The Ninth Circuit used both of these cases to remand Nestle back to the lower court: it ordered that a focus test similar to what the Court performed in Morrison be performed on ATS– whether aiding and abetting was a part of Congressional concern when they passed ATS. It also issued the remand in reference to Kiobel, asking the defendants to show a “concern of sufficient force” to the United States, essentially meaning that the defendants were required to show the active involvement of Nestle USA in forced labor practices. [10]

Despite the remand, the District Court once again dismissed the case in 2017, ruling that the complaint did not ‘touch and concern’ the United States with sufficient force, again referring to the ‘domestic focus’ clause. [11] However, upon appeal, the Ninth Circuit recently reopened the case: in a more broad interpretation of ATS, the Court rejected the claim that only principle offenses fall under ATS. This ruling was in reference to Morrison, where the court considered aiding and abetting to have been a Congressional concern. The court further ruled that Nestlé not only actively engaged in activities on US soil that encouraged forced labor but also knowingly depended on these practices to ensure low cocoa prices, which the court ruled as a reasonable domestic “concern of sufficient force” with reference to Kiobel. [12]

Reopening the case has set the precedent for a more hardline stance on forced labor through the broader interpretation of ATS. Despite this, the substantially prolonged nature of the case has enabled US corporations to continue their indirect forced labor practices with the knowledge that there is little risk for punishment, given the lack of action in this case. More importantly, the length of the case has forced the torture, the trauma, and the abuse to remain fresh in the minds of the six Malinese plaintiffs. To put the case’s length into perspective, it is older than some of the girls were when they were first kidnapped and forced into labor.

No matter what decision is made or when it is made, this case and associated cases show the limits of judicial power in regulating forced labor: few forced laborers have the opportunity to raise a suit, let alone successfully sue in a timely fashion, emphasizing the roles that corporate, governmental, and civilian stakeholders in supply chains must take on in order to effectively take action against the criminal, inhumane practices of forced labor.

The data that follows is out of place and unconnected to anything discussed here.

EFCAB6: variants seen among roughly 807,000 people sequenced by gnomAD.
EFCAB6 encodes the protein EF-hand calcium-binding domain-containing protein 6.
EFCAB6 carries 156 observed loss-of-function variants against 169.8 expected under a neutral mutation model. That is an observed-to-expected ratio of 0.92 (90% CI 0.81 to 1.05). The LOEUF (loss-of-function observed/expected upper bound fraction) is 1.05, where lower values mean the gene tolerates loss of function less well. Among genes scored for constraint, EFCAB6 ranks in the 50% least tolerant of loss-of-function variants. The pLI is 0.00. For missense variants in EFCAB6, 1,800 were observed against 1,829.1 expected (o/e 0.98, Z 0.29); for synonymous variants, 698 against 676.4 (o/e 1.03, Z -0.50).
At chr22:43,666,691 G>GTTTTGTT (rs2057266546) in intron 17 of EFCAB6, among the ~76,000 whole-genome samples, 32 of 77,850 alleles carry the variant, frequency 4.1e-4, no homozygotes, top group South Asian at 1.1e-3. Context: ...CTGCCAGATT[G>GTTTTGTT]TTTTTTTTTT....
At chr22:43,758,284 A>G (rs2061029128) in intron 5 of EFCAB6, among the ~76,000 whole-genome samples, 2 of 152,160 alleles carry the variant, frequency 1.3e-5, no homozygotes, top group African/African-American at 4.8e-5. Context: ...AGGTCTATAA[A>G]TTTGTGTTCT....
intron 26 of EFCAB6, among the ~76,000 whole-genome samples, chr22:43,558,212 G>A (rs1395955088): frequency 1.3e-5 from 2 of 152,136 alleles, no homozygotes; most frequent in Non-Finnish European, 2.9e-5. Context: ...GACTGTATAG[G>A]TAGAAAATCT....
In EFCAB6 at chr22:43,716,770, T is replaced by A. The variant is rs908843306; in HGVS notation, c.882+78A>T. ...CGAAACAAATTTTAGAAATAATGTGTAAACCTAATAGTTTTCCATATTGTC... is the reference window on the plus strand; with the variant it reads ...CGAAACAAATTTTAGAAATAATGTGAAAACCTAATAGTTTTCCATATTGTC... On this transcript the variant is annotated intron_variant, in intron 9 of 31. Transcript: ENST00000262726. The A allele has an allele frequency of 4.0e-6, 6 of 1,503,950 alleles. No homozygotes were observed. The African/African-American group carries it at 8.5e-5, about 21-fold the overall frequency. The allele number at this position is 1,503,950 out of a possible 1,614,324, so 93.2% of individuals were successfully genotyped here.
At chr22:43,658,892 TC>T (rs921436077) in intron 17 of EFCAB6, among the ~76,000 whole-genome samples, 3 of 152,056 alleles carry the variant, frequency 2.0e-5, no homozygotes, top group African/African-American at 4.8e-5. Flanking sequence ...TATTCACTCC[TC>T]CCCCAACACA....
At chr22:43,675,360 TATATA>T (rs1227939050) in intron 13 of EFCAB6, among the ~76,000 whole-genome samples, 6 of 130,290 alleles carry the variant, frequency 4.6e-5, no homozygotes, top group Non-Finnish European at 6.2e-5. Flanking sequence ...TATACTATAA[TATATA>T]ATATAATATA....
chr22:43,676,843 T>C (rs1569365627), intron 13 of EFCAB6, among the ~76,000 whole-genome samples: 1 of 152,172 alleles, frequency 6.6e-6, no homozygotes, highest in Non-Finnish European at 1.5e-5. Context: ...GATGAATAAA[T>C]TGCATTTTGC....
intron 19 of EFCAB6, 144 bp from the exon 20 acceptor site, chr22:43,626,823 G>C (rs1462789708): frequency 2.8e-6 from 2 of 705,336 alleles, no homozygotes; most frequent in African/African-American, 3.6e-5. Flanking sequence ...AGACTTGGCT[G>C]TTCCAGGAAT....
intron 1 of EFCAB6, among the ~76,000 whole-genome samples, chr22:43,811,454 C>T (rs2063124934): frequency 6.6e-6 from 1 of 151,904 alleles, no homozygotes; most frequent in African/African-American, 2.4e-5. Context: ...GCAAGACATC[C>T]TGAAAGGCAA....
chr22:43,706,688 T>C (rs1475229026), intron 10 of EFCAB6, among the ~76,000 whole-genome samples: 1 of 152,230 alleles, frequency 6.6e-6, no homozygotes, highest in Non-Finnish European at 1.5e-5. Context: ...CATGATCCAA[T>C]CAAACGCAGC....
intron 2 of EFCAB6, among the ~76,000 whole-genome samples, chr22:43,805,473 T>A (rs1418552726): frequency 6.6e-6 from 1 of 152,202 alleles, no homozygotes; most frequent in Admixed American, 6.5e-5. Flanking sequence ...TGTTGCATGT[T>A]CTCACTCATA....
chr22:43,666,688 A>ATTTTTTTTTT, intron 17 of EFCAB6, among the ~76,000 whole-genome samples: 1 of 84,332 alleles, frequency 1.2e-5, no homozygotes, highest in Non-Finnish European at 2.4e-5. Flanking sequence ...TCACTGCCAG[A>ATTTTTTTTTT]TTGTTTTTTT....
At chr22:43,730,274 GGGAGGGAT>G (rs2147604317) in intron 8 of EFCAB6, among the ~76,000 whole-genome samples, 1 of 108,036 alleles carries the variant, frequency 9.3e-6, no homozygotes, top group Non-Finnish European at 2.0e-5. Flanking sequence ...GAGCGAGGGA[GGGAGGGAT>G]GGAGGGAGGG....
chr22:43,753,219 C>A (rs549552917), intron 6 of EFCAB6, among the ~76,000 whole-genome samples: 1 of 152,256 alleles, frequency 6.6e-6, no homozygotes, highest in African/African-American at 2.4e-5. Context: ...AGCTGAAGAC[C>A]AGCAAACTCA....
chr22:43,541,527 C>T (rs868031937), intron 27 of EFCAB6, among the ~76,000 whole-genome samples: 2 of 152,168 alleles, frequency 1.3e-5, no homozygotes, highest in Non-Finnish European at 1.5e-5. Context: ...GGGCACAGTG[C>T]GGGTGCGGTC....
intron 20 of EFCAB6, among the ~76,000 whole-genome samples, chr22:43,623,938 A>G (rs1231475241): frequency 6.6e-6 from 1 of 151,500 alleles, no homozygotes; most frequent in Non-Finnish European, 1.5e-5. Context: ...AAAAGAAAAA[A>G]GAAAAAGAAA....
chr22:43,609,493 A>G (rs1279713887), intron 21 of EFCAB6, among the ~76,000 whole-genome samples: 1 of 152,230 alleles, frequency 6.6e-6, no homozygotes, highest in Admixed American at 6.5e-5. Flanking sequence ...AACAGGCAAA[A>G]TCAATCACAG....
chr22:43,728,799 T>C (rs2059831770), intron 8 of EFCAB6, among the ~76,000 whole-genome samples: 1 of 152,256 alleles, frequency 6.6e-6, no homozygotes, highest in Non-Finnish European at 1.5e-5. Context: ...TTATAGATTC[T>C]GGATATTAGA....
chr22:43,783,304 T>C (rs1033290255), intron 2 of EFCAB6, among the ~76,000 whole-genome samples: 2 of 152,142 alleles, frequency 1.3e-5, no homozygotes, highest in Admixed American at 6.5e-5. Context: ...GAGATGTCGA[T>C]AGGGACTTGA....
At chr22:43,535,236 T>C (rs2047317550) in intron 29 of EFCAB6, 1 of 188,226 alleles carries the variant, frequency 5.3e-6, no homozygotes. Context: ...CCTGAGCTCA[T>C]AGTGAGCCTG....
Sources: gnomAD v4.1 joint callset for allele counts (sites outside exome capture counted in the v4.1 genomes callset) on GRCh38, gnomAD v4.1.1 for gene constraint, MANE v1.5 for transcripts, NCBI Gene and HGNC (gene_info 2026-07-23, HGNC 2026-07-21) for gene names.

Sources:

[1] “21 million people are now victims of forced labour.” International Labour Organization. June 1, 2012. Accessed February 28, 2019. https://www.ilo.org/global/about-the-ilo/newsroom/news/WCMS_181961/lang--en/index.htm

[2] Fortin, Jamie. “5 Companies That Still Use Slave Labor.” Odyssey. June 6, 2017. Accessed February 28, 2019.

https://www.theodysseyonline.com/5-companies-using-slave-labor

[3] “Nestlé U.S.A., Inc. v. Doe.” SCOTUSblog. January 11, 2016. Accessed February 28, 2019. https://www.scotusblog.com/case-files/cases/nestle-u-s-a-inc-v-doe/

[4] “The Alien Tort Statute.” The Center for Justice and Accountability. Accessed February 28, 2019.

https://cja.org/what-we-do/litigation/legal-strategy/the-alien-tort-statute/

[5] “On Petition for a Writ of Certiorari to the United States Court of Appeals for the Ninth Circuit.” SCOTUSblog. December 2015. Accessed February 28. 2019.

https://www.scotusblog.com/wp-content/uploads/2015/12/Nestle-Reply.pdf

[6] "Kiobel v. Royal Dutch Petroleum." Oyez. Accessed March 1, 2019. www.oyez.org/cases/2011/10-1491

[7] “Kiobel v. Royal Dutch Petroleum.” SCOTUSblog. June 13, 2013. Accessed March 1, 2019.

https://www.scotusblog.com/case-files/cases/kiobel-v-royal-dutch-petroleum/

[8] "Morrison v. National Australia Bank." Oyez. March 1, 2019. www.oyez.org/cases/2009/08-1191

[9] Morrison v. National Australian Bank (Supreme Court of the United States. June 24, 2013)       

https://www.supremecourt.gov/opinions/09pdf/08-1191.pdf

[10] Nestle et. al v. Doe et. al (9th Circuit. October 23, 2018)

https://www.chamberlitigation.com/sites/default/files/cases/files/18181818/Petition%20for%20Rehearing%20--%20Doe%20I%20v.%20Nestle%20USA%2C%20Inc.%20%28Ninth%20Circuit%29.pdf

[11] Bellinger, John. “Doe v. Nestle ATS Case Dismissed (Again).” Lawfare. March 16, 2017. Accessed February 28. 2019.

https://www.lawfareblog.com/doe-v-nestle-ats-case-dismissed-again

[12] Nestle et. al v. Doe et. al (9th Circuit. October 23, 2018) http://cdn.ca9.uscourts.gov/datastore/opinions/2018/10/23/17-55435.pdf